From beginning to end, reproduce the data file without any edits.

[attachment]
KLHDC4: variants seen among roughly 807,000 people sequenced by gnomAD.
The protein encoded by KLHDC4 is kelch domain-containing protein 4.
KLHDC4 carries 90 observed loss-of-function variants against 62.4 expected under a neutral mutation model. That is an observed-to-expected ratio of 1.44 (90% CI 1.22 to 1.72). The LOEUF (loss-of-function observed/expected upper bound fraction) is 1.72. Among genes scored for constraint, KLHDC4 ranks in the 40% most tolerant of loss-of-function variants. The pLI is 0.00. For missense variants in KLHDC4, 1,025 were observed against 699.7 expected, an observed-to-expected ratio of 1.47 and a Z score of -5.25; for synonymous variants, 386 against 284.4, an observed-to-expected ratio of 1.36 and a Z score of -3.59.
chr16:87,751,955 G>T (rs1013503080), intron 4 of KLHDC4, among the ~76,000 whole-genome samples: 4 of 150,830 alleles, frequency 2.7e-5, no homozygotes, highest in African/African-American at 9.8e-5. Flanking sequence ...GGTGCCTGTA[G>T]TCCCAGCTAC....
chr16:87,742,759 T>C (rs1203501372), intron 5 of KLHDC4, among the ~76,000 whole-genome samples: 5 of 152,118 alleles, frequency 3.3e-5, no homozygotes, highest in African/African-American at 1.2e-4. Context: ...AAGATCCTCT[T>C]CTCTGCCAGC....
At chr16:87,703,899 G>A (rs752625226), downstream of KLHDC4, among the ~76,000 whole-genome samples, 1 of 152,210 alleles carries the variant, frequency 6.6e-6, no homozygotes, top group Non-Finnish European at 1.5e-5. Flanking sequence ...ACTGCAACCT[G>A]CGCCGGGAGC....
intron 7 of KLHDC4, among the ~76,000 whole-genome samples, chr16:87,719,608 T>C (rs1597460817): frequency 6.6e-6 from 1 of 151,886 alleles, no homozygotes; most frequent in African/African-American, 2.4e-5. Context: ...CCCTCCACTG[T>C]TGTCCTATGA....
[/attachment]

KLHDC4: variants seen among roughly 807,000 people sequenced by gnomAD.
The protein encoded by KLHDC4 is kelch domain-containing protein 4.
KLHDC4 carries 90 observed loss-of-function variants against 62.4 expected under a neutral mutation model. That is an observed-to-expected ratio of 1.44 (90% CI 1.22 to 1.72). The LOEUF (loss-of-function observed/expected upper bound fraction) is 1.72. Among genes scored for constraint, KLHDC4 ranks in the 40% most tolerant of loss-of-function variants. The pLI is 0.00. For missense variants in KLHDC4, 1,025 were observed against 699.7 expected, an observed-to-expected ratio of 1.47 and a Z score of -5.25; for synonymous variants, 386 against 284.4, an observed-to-expected ratio of 1.36 and a Z score of -3.59.
chr16:87,751,955 G>T (rs1013503080), intron 4 of KLHDC4, among the ~76,000 whole-genome samples: 4 of 150,830 alleles, frequency 2.7e-5, no homozygotes, highest in African/African-American at 9.8e-5. Flanking sequence ...GGTGCCTGTA[G>T]TCCCAGCTAC....
chr16:87,742,759 T>C (rs1203501372), intron 5 of KLHDC4, among the ~76,000 whole-genome samples: 5 of 152,118 alleles, frequency 3.3e-5, no homozygotes, highest in African/African-American at 1.2e-4. Context: ...AAGATCCTCT[T>C]CTCTGCCAGC....
At chr16:87,703,899 G>A (rs752625226), downstream of KLHDC4, among the ~76,000 whole-genome samples, 1 of 152,210 alleles carries the variant, frequency 6.6e-6, no homozygotes, top group Non-Finnish European at 1.5e-5. Flanking sequence ...ACTGCAACCT[G>A]CGCCGGGAGC....
intron 7 of KLHDC4, among the ~76,000 whole-genome samples, chr16:87,719,608 T>C (rs1597460817): frequency 6.6e-6 from 1 of 151,886 alleles, no homozygotes; most frequent in African/African-American, 2.4e-5. Context: ...CCCTCCACTG[T>C]TGTCCTATGA....